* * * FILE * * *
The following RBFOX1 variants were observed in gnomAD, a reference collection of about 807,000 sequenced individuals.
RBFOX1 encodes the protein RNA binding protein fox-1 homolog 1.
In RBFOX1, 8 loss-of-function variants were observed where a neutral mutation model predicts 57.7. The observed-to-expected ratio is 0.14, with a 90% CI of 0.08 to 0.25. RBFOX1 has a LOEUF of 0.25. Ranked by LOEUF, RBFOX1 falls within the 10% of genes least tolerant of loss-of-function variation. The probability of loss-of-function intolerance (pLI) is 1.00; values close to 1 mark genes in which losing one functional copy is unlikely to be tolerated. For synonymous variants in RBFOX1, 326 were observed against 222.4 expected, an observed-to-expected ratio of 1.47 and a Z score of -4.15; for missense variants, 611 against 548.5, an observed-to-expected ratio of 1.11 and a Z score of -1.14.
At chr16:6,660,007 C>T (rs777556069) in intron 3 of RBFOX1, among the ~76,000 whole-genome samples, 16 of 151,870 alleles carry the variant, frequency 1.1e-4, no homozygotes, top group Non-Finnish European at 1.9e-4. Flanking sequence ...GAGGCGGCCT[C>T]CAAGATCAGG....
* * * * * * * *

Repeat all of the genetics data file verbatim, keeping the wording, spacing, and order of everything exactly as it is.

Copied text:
The following RBFOX1 variants were observed in gnomAD, a reference collection of about 807,000 sequenced individuals.
RBFOX1 encodes the protein RNA binding protein fox-1 homolog 1.
In RBFOX1, 8 loss-of-function variants were observed where a neutral mutation model predicts 57.7. The observed-to-expected ratio is 0.14, with a 90% CI of 0.08 to 0.25. RBFOX1 has a LOEUF of 0.25. Ranked by LOEUF, RBFOX1 falls within the 10% of genes least tolerant of loss-of-function variation. The probability of loss-of-function intolerance (pLI) is 1.00; values close to 1 mark genes in which losing one functional copy is unlikely to be tolerated. For synonymous variants in RBFOX1, 326 were observed against 222.4 expected, an observed-to-expected ratio of 1.47 and a Z score of -4.15; for missense variants, 611 against 548.5, an observed-to-expected ratio of 1.11 and a Z score of -1.14.
At chr16:6,660,007 C>T (rs777556069) in intron 3 of RBFOX1, among the ~76,000 whole-genome samples, 16 of 151,870 alleles carry the variant, frequency 1.1e-4, no homozygotes, top group Non-Finnish European at 1.9e-4. Flanking sequence ...GAGGCGGCCT[C>T]CAAGATCAGG....